I think of music as an invisible architecture. An architecture of vibration. All of life is vibration. Music can bring these vibrations together and transform the world.
Often broke, never poor, music has given me a rich life. Somehow, I have managed to provide for myself and my family through my work for over forty years. I have travelled the world many times over, giving performances, making exhibitions, installations, artist-in-residencies, community projects, workshops and cross-cultural collaborations with musicians, singers, dancers, film and video makers and for theatrical productions. I have played in festivals, art centres, great concert halls and rickety old halls, cathedrals, temples, swanky music venues and dingy clubs, in beautiful environmental settings, architectural and industrial sites, schools, universities, zoos and in villages and remote towns throughout Australia and the islands of the South Pacific.
So how did all of this happen?
My family migrated to Australia from London when I was four. I grew up in the cultural wasteland of a small town on the outskirts of Sydney, playing in the bush, swimming in the local waterholes and making bows and other things from wild bamboo that I cut in Bow Bowing Creek down by the railway tracks. Many years later, after I had formed my performance group The Great Bowing Company and was immersed in the development of my mouthbows, I realised how influential and important a sense of place had become to my development.
My mother was a pre-school teacher and my father a metalworker. He taught me how to use tools and to put materials together to make something. He was astounded when I won the local art prize with a welded metal sculpture that I had made from scraps that he had brought home from the factory.
When I was eleven my parents took me to my first concert: The Beatles at Sydney Stadium. The experience was mind blowing and I remember watching John Lennon and thinking, I want to do that, though I had no idea what that was. A few years later my inspirational high school art teacher Joan Brassil walked into class, put Lucy in the Sky with Diamonds on the record player and instructed us to paint. I didn’t realise it at the time but she had helped me make an important connection – music and art are one.
In high school we played guitar and sang. I made a guitar out of masonite and a fence paling – it was extremely heavy and didn’t work so well, so I saved up my paper-round money, bought a guitar and learned to play Blowin’ in the Wind. We listened to The Beatles, Hendrix, The Animals, Jethro Tull, Easybeats, Pete Seeger and of course Bob Dylan. On the weekends I would take the steam train into Sydney to visit the N.S.W. Art Gallery, go to the cinema (Woodstock was a revelation) and check out the “International” section at the record store. I bought the Unesco collections and Ocora recordings and was swept away by the sounds of Korean Court Music, P’ansori, Japanese and Islamic music, micro-tonal Solomon Island singing and panpipe playing, Aboriginal music from Arnhem land and so forth.
At fifteen I couldn’t leave school fast enough – to become an artist. My parents neither encouraged me nor tried to dissuade me, they said “Okay, but you must study or get a job”. I did both. I took menial jobs, then for the next nine years worked as a graphic designer whilst studying painting, drawing, design and hand lettering at TAFE at night. In 1975, after months of travelling in South East Asia I naively began experimenting with various flutes I had picked up along the way. Balinese and Thai music had affected me deeply, I knew I needed some technique to create my own music so for the next seven years, one night a week I went to private lessons and murdered my way through classical flute pieces, scales and arpeggios. Some years later I studied Chinese flute, voice and solfege with private teachers and Khene in Thailand and Laos.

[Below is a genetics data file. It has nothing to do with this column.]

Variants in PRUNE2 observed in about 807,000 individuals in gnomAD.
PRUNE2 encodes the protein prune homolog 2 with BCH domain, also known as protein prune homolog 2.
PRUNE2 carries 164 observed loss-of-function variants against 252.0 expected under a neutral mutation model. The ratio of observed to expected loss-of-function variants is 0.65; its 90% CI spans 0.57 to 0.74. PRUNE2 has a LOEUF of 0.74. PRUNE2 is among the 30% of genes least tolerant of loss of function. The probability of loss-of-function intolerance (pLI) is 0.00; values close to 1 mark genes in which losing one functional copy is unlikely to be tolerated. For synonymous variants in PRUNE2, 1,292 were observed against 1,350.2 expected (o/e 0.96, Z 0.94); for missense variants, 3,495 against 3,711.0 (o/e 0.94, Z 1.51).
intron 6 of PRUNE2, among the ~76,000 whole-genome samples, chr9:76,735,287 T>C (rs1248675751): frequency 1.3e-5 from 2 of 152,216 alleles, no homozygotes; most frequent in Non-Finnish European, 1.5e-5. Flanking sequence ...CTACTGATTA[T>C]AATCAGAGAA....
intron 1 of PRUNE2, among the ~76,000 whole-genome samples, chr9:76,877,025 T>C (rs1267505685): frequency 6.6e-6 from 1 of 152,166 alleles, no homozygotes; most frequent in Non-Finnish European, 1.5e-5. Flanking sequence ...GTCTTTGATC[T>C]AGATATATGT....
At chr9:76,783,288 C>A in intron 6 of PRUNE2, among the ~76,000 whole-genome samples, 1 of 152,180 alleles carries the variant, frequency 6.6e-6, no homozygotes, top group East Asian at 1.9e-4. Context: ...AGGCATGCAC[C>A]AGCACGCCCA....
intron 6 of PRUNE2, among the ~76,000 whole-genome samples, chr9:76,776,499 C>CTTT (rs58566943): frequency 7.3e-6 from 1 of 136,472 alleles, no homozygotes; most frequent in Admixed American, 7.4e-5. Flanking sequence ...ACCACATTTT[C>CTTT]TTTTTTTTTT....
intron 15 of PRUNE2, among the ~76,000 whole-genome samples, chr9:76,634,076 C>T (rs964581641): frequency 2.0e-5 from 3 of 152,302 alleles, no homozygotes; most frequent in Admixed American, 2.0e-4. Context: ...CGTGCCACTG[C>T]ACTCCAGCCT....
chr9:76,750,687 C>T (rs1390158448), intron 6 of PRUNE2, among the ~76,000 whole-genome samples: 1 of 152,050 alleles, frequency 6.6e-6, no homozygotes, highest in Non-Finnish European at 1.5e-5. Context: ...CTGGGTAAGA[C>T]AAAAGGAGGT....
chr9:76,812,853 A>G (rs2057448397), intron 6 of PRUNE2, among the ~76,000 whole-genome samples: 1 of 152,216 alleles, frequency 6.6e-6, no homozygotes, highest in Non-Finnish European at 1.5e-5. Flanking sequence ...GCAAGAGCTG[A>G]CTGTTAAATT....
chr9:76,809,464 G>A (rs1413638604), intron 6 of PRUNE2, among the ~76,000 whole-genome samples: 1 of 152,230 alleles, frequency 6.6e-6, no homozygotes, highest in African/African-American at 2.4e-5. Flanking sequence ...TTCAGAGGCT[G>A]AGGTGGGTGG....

As a young white boy living in a post-colonial multicultural society, surrounded by the islands of the South Pacific and South East Asian cultures and having a sense of the importance and depth of Aboriginal culture, I asked myself the obvious question “What is my music?”.
I was listening to free jazz and experimental music: Miles Davis, Don Cherry, Pharoah Sanders, Sam Rivers, Egberto Gismonti and Nana Vasconcelos. When I discovered the music, books and ideas of Harry Partch and John Cage it felt like the walls were down and anything was possible.
I had no desire to play the music of others, I was in search of a music that was mine. I was looking for a way to bring together the many influences I was experiencing. I wanted to create something new. Improvisation and sound sculpture became an obsession. I applied a kind of visual arts “truth to materials” concept to my exploration of sound producing found objects. I made gongs from 44-gallon drum lids, multi-phonic bells from steel welding practice plates, simple mouthbows, bamboo long horns, harmonic flutes, Wallharps and Earthharps. In the late ‘70s and early ‘80s I staged solo and collaborative group events in the vigorous performance art scene that was happening in art galleries around Sydney at the time. I had exhibitions and installations of my visual works and gave performances on the weekends. Galleries such as Watters, Central Street I.C.A., Coventry Gallery and the Sculpture Centre generously provided their spaces for free. Sometimes it was even possible to raise enough money from the door to pay the week’s rent.
My first international tour was in 1982, small venues in Germany and Holland, playing homemade and traditional bamboo flutes, simple mouthbows, conch shells and vocal improvisations. People commented how environmental my music was, that it sounded like the Australian bush. These comments struck home and I began to explore ways of responding musically to our vast landscape, the wind, ocean, birdsong and the sounds of the bush. I looked for ways of sharing this with an audience without compromising the music or playing to the crowd. In London I wandered into a performance of Finnegan’s Wake by John Cage, with Cage himself reading. I expected something avant-garde. I did not expect something so exquisite and staggered out, never to be the same.